The corona virus pandemic, which caused the loss of more than 20 million jobs in April alone when states required residents to stay at home and businesses that were not essential to be shut down, threatened to make the millennium return even more.
“Young families will get a lot of pressure through this experience,” said Reid Cramer, a senior fellow in New America who leads the Millennials Initiative of the think tank.
New hit from Coronavirus
Brianna Garcia hopes to get a better-paying job this spring, but the position she applied for disappeared after the coronavirus arrived in the US. While he still works as an administrative assistant in a medical clinic and his hometown in San Antonio, Texas, apparently not being economically hit, the 26-year-old worries that he will face more competition once more businesses open again.
“There is already too much to fight under normal circumstances, on top of this additional pressure from the pandemic and the economy and the shakiness,” said Garcia, who was the first in his family to graduate from college but unable to get out of his parents’ home. “I don’t really know what will happen to me.”
Those who have good jobs want to make sure they keep it. The prospect of a deeper decline and a slow recovery pushed the new round of layoffs beyond initial cuts in restaurants, bars, hotels and entertainment venues.
Even though he’s telecommuting now, Scott Larsen adds time and is involved in additional projects at his job as a marketing manager for a health and beauty company. He tried to make himself as vital as possible for his employer, who traditionally did not allow staff to work remotely.
However, he felt the economic turmoil caused by this pandemic increasingly delayed him in pursuing career advancement, saving for the future and buying a home. This contrasts sharply with his parents, with whom he lives in Payson, Utah. Even though they are retired, they continue to feel financially secure.
“I’m not in the ideal place to start and now I’m just going to step on water,” said Larsen, 29. “Now is not the time to ask for a raise.”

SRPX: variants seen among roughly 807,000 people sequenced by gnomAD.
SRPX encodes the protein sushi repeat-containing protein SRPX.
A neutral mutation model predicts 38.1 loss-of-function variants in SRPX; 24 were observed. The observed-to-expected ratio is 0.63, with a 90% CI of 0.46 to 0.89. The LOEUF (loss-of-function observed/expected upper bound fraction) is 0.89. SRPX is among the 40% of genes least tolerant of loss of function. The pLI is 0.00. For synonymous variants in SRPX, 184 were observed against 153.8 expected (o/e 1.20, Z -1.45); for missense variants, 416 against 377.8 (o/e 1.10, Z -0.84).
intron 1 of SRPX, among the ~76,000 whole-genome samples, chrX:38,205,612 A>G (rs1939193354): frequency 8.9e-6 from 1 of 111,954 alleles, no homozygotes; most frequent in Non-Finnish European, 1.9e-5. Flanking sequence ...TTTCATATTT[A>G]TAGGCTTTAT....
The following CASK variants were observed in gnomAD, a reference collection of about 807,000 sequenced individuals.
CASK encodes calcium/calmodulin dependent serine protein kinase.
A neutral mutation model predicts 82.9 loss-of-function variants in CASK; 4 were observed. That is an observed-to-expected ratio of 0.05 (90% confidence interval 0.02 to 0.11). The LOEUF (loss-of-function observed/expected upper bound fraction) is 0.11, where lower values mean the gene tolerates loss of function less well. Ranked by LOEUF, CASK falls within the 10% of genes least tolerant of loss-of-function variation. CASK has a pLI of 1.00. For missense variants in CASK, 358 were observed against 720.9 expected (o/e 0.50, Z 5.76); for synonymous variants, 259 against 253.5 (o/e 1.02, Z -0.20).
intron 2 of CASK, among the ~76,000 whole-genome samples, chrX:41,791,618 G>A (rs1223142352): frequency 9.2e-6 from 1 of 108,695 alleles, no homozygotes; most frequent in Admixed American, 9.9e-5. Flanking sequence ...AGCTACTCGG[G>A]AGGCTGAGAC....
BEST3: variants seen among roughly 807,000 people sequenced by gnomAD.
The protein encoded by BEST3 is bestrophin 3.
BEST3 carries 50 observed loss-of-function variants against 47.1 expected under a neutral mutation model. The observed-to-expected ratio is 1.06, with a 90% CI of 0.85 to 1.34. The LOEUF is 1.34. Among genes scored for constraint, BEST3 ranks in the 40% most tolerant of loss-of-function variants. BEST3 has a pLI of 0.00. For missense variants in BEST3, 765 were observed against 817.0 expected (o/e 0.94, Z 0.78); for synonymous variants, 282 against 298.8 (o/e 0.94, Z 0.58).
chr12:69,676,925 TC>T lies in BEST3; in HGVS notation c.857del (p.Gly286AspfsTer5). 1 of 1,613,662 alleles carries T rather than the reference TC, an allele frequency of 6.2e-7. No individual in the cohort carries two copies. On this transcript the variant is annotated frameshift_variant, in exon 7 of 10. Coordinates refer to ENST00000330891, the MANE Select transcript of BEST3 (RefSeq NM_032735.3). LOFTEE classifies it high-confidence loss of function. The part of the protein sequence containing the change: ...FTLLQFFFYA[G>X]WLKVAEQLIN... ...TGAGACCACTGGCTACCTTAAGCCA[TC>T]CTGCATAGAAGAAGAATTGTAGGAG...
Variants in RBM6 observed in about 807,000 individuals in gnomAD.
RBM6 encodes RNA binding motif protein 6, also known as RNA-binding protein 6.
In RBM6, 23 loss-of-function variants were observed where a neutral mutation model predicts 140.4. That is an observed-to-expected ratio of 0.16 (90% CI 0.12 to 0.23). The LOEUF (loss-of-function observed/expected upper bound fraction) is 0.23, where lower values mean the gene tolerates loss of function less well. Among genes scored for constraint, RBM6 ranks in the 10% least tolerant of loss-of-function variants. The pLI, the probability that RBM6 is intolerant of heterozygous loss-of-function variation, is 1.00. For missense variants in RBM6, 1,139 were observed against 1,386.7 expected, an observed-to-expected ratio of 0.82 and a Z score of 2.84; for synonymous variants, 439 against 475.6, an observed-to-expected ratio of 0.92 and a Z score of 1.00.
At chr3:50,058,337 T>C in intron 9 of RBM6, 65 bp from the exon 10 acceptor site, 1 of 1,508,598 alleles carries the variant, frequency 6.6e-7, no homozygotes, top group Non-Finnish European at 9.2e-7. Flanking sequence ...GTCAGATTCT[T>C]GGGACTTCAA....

However, Millennials have several factors that benefit them. They are better educated than the previous generation and still have time to build wealth and income, as did Gen X after the Great Recession.
Those born in the 1970s are now on the right track in terms of income, and while their net worth has remained below expectations, it has increased rapidly in the years following the financial crisis.
“They were lucky because they were young enough to really redouble their efforts and try to recover,” Emmons said.
For Sarah Clinton, a coronavirus outbreak means new opportunities. A social worker, Clinton has long thought about taking some private patients but is usually too tired after driving up to four hours a day for her main work advising homeless people.
However, now, residents of Waltham, Massachusetts, work from home and have extra time on their hands. Plus, there has been more need for therapists lately because so many Americans are grappling with depression and anxiety in the midst of a pandemic. So he joined the practice and will meet several clients a week via telehealth.
The big shift to telecommuting that was triggered by coronaviruses could lead to greater changes in Clinton’s life. She and her husband want to buy a house but cannot afford to buy a house in an area that is close enough to their work. Now that both of them are working from home, they realize that they might be able to explore a cheaper environment that is further away.
“Maybe staying in the middle of nowhere is okay, maybe we can telework,” said Clinton, 35. “I feel like we can dream a little more. There are more possibilities.”